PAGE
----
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Neil Paterson (writer)

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Title: Neil Paterson (writer)  
Author: World Heritage Encyclopedia
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Subject: Room at the Top (1959 film), Billy Wilder, Academy Award for Best Adapted Screenplay, Neil Paterson, The Shiralee (1957 film)
Collection: 1915 Births, 1995 Deaths, 20Th-Century British Novelists, 20Th-Century Dramatists and Playwrights, 20Th-Century Novelists, Alumni of the University of Edinburgh, Association Football Inside Forwards, Best Adapted Screenplay Academy Award Winners, Buckie Thistle F.C. Players, Dundee United F.C. Players, Edinburgh University A.F.C. Players, Leith Athletic F.C. Players, People from Greenock, Scottish Football League Players, Scottish Footballers, Scottish Novelists, Scottish Screenwriters, Scottish Short Story Writers, Scottish Sportswriters
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Neil Paterson (writer)

Neil Paterson
Born James Edmund Neil Paterson
(1915-12-31)31 December 1915
Greenock, Scotland
Died 19 April 1995(1995-04-19) (aged 79)
Crieff, Scotland
Pen name John Kovack
Occupation Novelist, short story writer, screenwriter, journalist, footballer
Nationality Scottish
Citizenship British
Alma mater University of Edinburgh
Period 1946–1990
Notable works Room at the Top (screenplay for 1959 film version)
Notable awards Best Adapted Screenplay
1959 Room at the Top

Association football career
Playing position Inside left
Senior career*
Years Team Apps (Gls)
Edinburgh University
Buckie Thistle
Leith Athletic
1936–1937 Dundee United 26 (9)

* Senior club appearances and goals counted for the domestic league only.

† Appearances (goals)

James Edmund Neil Paterson (31 December 1915 – 19 April 1995),[1][2] known as Neil Paterson, was a Scottish screenwriter. He won the 1959 Academy Award for Best Adapted Screenplay for Room at the Top.

Contents

  • Early life and football career 1
  • Writing career and later life 2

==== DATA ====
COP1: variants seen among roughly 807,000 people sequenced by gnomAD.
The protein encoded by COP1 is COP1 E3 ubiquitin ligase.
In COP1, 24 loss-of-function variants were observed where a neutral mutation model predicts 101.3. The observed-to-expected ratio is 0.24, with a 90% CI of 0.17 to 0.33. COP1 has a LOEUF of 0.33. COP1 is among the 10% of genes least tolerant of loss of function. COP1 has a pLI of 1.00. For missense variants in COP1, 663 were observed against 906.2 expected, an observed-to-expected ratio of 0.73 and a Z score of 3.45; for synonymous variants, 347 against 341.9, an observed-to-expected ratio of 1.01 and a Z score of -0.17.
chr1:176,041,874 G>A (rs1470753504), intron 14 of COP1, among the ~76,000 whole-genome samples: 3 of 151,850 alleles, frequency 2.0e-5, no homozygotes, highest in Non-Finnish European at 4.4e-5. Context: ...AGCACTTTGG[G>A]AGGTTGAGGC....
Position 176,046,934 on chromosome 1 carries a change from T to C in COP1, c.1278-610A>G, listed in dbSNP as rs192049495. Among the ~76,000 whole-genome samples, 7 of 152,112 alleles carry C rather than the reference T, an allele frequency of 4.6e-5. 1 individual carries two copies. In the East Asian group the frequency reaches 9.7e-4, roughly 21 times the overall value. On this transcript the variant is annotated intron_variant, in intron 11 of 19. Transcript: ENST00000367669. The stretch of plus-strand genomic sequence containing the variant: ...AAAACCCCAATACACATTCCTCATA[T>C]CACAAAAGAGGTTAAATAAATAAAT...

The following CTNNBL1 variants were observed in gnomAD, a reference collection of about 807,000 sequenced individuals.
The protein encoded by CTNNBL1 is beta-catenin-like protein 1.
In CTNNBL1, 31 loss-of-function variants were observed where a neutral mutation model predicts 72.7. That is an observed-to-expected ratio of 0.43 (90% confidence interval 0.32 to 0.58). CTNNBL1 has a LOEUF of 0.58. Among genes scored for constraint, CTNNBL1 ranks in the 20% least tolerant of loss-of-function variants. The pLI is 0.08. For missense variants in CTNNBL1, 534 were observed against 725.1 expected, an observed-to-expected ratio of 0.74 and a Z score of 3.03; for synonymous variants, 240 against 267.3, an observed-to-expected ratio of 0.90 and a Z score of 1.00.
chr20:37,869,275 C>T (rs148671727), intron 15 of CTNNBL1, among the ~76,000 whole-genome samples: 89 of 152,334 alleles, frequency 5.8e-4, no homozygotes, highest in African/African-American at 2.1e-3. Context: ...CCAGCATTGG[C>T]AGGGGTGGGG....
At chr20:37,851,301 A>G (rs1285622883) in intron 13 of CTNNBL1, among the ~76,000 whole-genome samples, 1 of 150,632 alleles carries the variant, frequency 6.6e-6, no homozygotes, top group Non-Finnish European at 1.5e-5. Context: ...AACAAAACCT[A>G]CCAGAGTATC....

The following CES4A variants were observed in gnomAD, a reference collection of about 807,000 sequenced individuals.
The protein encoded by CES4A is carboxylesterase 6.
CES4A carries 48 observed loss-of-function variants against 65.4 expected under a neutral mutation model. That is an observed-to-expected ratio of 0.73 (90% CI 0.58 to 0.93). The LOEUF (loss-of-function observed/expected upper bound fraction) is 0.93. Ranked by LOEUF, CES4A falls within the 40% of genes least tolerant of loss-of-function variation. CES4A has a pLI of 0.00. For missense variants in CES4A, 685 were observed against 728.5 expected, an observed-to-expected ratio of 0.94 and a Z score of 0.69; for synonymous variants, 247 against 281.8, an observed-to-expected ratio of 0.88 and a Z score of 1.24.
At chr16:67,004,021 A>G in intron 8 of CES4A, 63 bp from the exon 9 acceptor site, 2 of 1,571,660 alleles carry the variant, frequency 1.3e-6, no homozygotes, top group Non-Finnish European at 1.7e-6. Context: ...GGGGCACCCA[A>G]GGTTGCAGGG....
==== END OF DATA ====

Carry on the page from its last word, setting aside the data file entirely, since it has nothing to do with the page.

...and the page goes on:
• Selected bibliography 3
  • Selected filmography 4
  • References 5
  • External links 6

Early life and football career

Born in Greenock, Renfrewshire (now part of Inverclyde), Paterson graduated from the University of Edinburgh and had a brief career in senior football, playing as an inside left. He played for Edinburgh University, for Buckie Thistle in the Highland League and for Scottish League teams Leith Athletic and Dundee United, becoming captain of the latter in the 1936–37 season. Despite his success in football – he scored 9 goals from 26 league appearances for Dundee United, including a hat-trick – he remained an amateur player, spurning the opportunity to go professional.[1] As an amateur he was automatically released at the end of the season, although he played one further game for the club in an emergency.[3]

Writing career and later life

After his football career finished he became a writer, initially as a sports journalist for D.C. Thomson and after the Second World War as an author, penning a number of well received novels and short stories. Paterson won the Atlantic Award for Literature in 1946.[4]

He adapted his own short story The Kidnappers for a cinema version released in 1953. Subsequently he wrote a number of other screenplays, including the first screen version of John Braine's novel Room at the Top (1959) which later won the Academy Award for Best Adapted Screenplay. Paterson served as a governor for the British Film Institute, National Film School and the Arts Council of Great Britain and as an executive for Grampian Television.

He died in 1995 at Crieff, Tayside (now part of Perth and Kinross).

Selected bibliography

  • On my Faithless Arm (1946) (Under pseudonym John Kovack)
  • The China Run: Being the biography of a great-grandmother (1948)
  • Behold Thy Daughter (1950)
  • The China Run: A book of short stories (1951)
  • Man on the Tightrope (1952)
  • Man on a Tightrope: The Short Novel (1953)
  • The Kidnappers and other Stories (1957)
  • Something like a poem (1986)

Selected filmography

References

  1. ^ a b Independent Obituary
  2. ^ http://explore.bfi.org.uk/4ce2baa3007b1
  3. ^ Gracie, Steve (2008). A Passion For Survival. Arabest Publishing Dundee.  
  4. ^ "Literature award for Perthshire man". The Courier and Advertiser (Dundee). 27 November 1946. Retrieved 19 October 2015 – via  

External links

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